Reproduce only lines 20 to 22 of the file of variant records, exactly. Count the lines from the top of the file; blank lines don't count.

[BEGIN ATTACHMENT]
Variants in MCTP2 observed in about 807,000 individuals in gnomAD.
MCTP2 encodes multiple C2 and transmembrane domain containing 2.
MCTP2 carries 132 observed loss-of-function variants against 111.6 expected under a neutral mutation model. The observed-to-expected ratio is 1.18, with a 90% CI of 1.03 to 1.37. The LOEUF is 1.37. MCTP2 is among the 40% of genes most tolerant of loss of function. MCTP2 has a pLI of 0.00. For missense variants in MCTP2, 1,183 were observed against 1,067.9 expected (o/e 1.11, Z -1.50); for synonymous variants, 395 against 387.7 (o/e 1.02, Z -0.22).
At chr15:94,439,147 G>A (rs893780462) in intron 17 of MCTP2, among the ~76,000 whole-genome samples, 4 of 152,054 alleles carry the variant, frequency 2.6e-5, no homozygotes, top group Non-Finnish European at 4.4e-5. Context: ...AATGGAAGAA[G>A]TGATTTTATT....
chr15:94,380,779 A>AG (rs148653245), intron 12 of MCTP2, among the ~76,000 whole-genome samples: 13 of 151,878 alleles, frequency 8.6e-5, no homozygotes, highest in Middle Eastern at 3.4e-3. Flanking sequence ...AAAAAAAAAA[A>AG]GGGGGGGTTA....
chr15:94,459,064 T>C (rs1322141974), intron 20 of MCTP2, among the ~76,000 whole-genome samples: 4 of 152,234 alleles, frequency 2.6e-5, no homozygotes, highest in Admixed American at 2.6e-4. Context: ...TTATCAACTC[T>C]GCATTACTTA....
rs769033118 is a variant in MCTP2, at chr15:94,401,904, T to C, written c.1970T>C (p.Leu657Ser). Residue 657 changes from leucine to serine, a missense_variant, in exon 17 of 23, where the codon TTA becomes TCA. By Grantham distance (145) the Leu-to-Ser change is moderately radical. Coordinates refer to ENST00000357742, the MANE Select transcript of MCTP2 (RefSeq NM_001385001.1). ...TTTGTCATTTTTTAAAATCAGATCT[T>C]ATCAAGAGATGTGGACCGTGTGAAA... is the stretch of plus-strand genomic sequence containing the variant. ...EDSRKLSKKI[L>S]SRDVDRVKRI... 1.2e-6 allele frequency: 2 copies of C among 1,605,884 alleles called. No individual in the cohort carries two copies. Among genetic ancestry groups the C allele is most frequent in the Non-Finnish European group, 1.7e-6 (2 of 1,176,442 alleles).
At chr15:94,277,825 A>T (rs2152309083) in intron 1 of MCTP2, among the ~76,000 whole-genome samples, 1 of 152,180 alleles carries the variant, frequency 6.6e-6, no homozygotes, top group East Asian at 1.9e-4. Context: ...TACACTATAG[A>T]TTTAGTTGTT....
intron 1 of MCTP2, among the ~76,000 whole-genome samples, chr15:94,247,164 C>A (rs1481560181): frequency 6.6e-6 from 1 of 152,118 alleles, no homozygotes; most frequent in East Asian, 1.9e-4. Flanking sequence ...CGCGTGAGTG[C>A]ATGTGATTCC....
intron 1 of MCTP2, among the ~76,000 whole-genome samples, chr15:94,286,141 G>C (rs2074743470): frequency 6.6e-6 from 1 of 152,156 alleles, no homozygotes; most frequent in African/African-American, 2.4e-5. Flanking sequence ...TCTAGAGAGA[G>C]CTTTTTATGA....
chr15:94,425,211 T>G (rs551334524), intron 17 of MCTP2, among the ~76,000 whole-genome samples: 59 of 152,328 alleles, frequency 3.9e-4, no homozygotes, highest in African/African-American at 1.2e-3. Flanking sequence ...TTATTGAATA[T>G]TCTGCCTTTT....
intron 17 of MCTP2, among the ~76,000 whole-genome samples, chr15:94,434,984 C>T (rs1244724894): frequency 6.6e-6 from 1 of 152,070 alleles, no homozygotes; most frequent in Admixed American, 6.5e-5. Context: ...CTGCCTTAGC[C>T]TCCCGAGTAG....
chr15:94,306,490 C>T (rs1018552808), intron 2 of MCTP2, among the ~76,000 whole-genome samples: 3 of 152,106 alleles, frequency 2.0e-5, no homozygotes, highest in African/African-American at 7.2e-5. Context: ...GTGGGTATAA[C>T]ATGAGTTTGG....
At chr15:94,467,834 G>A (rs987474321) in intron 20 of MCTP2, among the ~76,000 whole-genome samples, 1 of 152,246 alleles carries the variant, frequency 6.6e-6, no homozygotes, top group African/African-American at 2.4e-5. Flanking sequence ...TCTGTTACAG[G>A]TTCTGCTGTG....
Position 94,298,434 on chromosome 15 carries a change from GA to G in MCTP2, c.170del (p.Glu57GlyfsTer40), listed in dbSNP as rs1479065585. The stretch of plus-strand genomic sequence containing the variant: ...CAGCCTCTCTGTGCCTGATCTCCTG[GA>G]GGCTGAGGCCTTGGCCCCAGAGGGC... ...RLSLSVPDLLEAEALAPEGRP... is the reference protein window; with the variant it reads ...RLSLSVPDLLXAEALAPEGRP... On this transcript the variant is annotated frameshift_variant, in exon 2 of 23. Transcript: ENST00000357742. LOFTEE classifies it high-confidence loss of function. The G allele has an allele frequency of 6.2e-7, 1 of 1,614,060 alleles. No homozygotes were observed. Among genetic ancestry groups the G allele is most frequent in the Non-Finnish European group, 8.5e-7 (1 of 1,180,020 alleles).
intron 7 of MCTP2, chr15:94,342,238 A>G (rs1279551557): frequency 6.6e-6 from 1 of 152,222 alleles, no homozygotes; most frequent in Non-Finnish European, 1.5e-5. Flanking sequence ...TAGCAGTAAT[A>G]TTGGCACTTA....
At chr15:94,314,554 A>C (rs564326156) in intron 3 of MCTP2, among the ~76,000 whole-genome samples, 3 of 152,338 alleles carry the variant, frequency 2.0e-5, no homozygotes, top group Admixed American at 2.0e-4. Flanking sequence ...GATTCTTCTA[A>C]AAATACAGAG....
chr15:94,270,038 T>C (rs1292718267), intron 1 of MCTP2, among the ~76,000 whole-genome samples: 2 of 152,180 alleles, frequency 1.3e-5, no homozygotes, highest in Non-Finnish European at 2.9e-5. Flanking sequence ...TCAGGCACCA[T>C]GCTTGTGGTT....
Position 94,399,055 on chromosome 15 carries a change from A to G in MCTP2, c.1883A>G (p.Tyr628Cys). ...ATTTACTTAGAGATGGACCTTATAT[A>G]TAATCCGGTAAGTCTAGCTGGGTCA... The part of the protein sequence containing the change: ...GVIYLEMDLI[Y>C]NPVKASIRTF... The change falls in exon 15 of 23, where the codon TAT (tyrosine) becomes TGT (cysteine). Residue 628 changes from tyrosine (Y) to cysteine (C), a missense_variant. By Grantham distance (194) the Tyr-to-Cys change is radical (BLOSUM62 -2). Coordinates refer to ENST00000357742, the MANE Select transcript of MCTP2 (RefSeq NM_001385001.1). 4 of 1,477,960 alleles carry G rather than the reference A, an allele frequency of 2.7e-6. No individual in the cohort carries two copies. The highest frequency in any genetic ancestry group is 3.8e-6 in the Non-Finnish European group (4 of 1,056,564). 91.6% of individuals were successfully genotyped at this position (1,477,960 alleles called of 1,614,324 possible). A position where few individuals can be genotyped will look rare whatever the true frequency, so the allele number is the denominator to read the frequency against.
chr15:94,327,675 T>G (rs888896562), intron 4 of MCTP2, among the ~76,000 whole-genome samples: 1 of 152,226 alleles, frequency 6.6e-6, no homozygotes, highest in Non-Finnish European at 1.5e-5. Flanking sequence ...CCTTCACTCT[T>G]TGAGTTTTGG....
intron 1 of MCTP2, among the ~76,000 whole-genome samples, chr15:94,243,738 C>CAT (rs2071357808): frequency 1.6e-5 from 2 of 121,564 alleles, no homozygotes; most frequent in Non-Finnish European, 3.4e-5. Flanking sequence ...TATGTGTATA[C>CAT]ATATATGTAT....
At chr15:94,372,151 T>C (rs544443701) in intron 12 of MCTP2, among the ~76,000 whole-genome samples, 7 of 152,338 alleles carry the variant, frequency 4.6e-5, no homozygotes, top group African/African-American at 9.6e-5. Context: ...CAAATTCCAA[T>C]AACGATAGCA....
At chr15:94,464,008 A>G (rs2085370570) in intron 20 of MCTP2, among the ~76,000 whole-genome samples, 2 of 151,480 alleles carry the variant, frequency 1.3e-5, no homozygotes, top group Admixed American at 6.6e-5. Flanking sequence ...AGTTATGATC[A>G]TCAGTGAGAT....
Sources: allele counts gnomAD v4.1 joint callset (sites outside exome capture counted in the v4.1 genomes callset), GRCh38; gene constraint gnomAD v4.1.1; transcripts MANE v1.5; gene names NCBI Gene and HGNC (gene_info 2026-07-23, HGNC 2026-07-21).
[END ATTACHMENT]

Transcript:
chr15:94,327,675 T>G (rs888896562), intron 4 of MCTP2, among the ~76,000 whole-genome samples: 1 of 152,226 alleles, frequency 6.6e-6, no homozygotes, highest in Non-Finnish European at 1.5e-5. Flanking sequence ...CCTTCACTCT[T>G]TGAGTTTTGG....
intron 1 of MCTP2, among the ~76,000 whole-genome samples, chr15:94,243,738 C>CAT (rs2071357808): frequency 1.6e-5 from 2 of 121,564 alleles, no homozygotes; most frequent in Non-Finnish European, 3.4e-5. Flanking sequence ...TATGTGTATA[C>CAT]ATATATGTAT....
At chr15:94,372,151 T>C (rs544443701) in intron 12 of MCTP2, among the ~76,000 whole-genome samples, 7 of 152,338 alleles carry the variant, frequency 4.6e-5, no homozygotes, top group African/African-American at 9.6e-5. Context: ...CAAATTCCAA[T>C]AACGATAGCA....